Jack Nitzsche with John Lee Hooker, Miles Davis et al
I bought this in Fopp, in its original incarnation in the tiny unit at the top of Renfield Street, now, depressingly, a newsagent. After East Kilbride Central Library, Fopp was the main source of many of my musical infatuations. It was the unknowing dealer in my addiction, and a frequent bolthole when I was skipping lectures or dodging the rain.
I picked up the cassette before I had even heard of the film it’s the soundtrack to. I was in the throws of a deep Miles Davis listening binge. The album got a bit of press for its unique collaboration between Miles and John Lee Hooker, who was in the charts at the time. As well as being the soundtrack to the film which bears its name, it soundtracked my bus journeys to and from university in winter 1991-92.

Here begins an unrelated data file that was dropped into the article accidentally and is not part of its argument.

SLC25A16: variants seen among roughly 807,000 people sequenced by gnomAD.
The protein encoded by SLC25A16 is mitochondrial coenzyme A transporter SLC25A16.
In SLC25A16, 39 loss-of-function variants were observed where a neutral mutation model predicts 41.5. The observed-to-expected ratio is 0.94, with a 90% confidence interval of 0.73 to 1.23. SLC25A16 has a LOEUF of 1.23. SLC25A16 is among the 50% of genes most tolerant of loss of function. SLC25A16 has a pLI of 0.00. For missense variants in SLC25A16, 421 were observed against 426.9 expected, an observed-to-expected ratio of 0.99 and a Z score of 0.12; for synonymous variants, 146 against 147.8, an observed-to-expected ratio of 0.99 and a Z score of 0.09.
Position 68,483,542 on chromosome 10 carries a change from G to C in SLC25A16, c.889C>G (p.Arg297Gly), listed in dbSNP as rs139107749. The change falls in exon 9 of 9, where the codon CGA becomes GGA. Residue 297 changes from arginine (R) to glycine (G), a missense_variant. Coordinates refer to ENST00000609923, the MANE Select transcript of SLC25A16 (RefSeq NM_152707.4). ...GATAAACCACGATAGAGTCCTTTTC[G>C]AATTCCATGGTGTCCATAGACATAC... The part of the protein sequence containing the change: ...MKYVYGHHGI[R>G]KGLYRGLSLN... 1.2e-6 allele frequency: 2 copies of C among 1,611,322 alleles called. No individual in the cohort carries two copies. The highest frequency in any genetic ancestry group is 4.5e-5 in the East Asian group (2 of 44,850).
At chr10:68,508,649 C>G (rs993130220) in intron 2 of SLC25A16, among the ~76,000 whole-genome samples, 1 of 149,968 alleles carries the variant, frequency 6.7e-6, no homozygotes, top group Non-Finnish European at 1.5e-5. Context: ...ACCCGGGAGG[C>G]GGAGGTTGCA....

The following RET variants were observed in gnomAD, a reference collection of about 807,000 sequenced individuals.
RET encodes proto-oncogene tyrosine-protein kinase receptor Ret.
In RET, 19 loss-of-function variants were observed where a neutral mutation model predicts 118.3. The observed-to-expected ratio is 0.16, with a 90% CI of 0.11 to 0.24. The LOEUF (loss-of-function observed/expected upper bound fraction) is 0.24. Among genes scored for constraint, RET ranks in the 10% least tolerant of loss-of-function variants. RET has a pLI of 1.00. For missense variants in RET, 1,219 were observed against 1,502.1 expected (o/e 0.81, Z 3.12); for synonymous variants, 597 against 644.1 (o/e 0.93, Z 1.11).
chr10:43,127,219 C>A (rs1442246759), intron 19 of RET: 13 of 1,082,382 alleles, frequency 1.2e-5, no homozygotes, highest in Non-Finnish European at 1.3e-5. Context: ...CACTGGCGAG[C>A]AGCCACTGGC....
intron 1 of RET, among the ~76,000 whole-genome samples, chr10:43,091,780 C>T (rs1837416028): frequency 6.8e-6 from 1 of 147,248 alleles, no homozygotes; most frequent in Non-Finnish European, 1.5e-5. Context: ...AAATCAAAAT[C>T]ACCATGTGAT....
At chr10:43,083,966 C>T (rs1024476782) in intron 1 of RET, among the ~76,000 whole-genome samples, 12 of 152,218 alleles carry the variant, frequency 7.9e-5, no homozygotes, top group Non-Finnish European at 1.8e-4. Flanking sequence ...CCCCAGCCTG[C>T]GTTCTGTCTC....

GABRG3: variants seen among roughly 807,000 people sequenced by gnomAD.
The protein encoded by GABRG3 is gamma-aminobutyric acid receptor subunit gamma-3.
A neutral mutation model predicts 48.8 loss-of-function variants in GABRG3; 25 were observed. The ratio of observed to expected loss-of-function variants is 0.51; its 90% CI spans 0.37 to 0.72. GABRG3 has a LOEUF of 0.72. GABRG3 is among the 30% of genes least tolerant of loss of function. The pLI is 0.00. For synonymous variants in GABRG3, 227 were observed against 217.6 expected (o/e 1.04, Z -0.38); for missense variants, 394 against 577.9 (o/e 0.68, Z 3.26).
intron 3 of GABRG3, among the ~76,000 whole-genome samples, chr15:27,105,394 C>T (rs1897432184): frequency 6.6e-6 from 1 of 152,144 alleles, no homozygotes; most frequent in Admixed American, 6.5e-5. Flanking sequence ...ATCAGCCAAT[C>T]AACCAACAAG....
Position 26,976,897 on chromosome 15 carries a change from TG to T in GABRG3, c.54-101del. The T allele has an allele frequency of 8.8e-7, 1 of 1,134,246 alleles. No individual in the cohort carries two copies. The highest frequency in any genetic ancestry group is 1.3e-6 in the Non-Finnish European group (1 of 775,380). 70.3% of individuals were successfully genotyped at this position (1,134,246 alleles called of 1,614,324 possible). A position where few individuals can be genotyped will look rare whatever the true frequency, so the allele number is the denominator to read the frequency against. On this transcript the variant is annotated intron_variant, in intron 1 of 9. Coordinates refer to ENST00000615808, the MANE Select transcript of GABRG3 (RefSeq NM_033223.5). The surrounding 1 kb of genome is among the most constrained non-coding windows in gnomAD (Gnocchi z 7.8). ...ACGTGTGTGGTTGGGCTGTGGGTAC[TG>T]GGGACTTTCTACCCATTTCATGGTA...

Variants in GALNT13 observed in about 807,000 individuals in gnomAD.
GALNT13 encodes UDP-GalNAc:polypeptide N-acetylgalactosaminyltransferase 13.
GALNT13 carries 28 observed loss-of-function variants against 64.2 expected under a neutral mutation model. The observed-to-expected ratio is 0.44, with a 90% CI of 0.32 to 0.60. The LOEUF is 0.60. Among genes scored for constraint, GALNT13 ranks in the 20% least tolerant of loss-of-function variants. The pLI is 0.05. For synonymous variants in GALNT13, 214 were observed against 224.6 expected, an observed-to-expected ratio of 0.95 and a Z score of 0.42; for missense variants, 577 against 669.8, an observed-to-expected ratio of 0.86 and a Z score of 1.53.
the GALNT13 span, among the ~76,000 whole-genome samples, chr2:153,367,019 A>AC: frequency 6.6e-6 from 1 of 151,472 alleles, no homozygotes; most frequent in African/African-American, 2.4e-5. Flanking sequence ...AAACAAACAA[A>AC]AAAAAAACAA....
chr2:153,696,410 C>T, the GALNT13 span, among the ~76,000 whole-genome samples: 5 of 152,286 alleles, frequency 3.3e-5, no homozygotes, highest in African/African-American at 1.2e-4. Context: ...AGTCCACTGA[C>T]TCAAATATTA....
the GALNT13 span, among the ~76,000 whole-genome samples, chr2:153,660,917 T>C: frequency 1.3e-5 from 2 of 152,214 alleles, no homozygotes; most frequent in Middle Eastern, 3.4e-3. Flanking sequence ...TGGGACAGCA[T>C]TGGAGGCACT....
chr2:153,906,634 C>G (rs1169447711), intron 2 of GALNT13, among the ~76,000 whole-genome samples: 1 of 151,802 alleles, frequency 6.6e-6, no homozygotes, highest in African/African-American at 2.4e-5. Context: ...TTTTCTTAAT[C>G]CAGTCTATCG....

Hearing it again, I still find the album has the same elusive, enigmatic quality I remember from 25 years ago, possibly something that’s to do with it being made to accompany (unseen) images. There’s a definite warmth to it, the kind of spice warmth you’d get in a bowl of gumbo. Which is at odds with the memory I have of listening to it, through of all those evenings in the rain, walking down Renfield Street and waiting for the 18.
I watched the film on telly years later, a weird, forgettable modern noir-ish bit of pulp starring Don Johnson and directed by Dennis Hopper that is considerably less than the sum of its parts.